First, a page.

I was glad to learn of the existence of Android intents, which enables applications to pass requests along to other apps to handle tasks. We can leverage intents to get other applications to send emails, SMS, use the camera, etc. as part of our app without writing a new and separate client to do so.
I used an SMS intent to get my app, InstantSMStoFriends, to send pre-written SMS messages to my friends when I click on their names.
Here's the landing page for InstantSMStoFriends. There are four buttons. The user clicks on any of the four buttons to send a text message.
SMS intent has been launched! Here's the screen that appears after I click the "Text Amy" button.
In doing this, I also learned how to take these awesome Android screenshots using DDMS in Eclipse!
To begin my thesis explorations, I decided to focus on why I feel that eyesight and visual perception are relevant to me.
I did a 20-minute sketch of a personal story.
When I was about seven years old, I discovered (to my surprise) that I needed glasses.
Then, I sketched my proposed plan to go outside and try and capture the world a little differently than I might normally do.
After drawing this, I was a little scared to go outside without the perfect vision afforded by contact lenses. But I was wearing my glasses, so I'd be fine.
It was Halloween – a chaotic evening in the Village. My goal was to go outside wearing glasses, and take them off at regular intervals to see what I could/couldn’t see – and then take some pictures that might capture the feeling of having less than perfect vision.
My photos of Halloween are below. Here are a couple of observations from the exercise:
- I can everything perfectly in the camera’s LCD display when I hold it in front of my face.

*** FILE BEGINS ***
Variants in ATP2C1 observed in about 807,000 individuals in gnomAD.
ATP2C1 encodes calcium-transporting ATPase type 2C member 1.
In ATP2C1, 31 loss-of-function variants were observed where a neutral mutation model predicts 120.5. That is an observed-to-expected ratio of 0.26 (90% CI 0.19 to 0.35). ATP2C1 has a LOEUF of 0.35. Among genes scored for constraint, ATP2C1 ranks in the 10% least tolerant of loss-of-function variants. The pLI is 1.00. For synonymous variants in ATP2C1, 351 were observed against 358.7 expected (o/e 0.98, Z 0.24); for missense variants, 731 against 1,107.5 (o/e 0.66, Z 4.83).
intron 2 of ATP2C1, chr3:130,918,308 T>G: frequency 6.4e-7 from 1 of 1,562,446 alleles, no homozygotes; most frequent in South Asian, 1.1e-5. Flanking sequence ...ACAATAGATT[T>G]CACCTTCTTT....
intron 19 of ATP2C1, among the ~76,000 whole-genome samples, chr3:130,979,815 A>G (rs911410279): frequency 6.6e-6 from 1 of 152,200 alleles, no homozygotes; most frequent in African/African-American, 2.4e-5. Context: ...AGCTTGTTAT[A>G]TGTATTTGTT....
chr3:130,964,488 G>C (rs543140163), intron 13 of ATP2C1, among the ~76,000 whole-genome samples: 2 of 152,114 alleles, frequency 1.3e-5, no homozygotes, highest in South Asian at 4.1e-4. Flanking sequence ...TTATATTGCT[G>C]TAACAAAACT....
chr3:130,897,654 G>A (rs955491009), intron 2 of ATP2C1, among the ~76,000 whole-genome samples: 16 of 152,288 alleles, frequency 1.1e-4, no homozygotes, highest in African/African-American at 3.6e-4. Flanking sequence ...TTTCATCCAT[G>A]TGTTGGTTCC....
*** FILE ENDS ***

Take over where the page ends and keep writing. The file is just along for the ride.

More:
- Lights look awesome when you are near-sighted, but the huge blurs they create make it really difficult to see anything else.
- I’m more sensitive to sound when I can’t see very well.
- It’s terrifying to walk down the street unable to see where you’re going. Especially on Halloween amidst a merry crowd of costumed revelers.
How does eyesight affect visual perception? That question, however obscure at this point, is my starting point for thesis exploration.
I’ve made a couple of attempts at expanding upon ideas that I wasn’t very into, and toyed around with others. Productivity (in the broad sense) and self-marketing/censoring through images (hello, Facebook profile pics) have both ended up in the unused ideas pile. Now I’ve come up with something I think I can get behind.
Beginning with the question, “How Does Eyesight Affect Visual Perception?” I grabbed my markers and explored the question by jotting down word associations along with proposed forms, materials, affects/emotions, verbs, colors, motivations, proposed audiences and contexts for the thesis piece.
This overarching topic is way too expansive, so I decided upon two 20-minute projects and one 2-hour project to help me explore the idea, which I’ll document in my next post.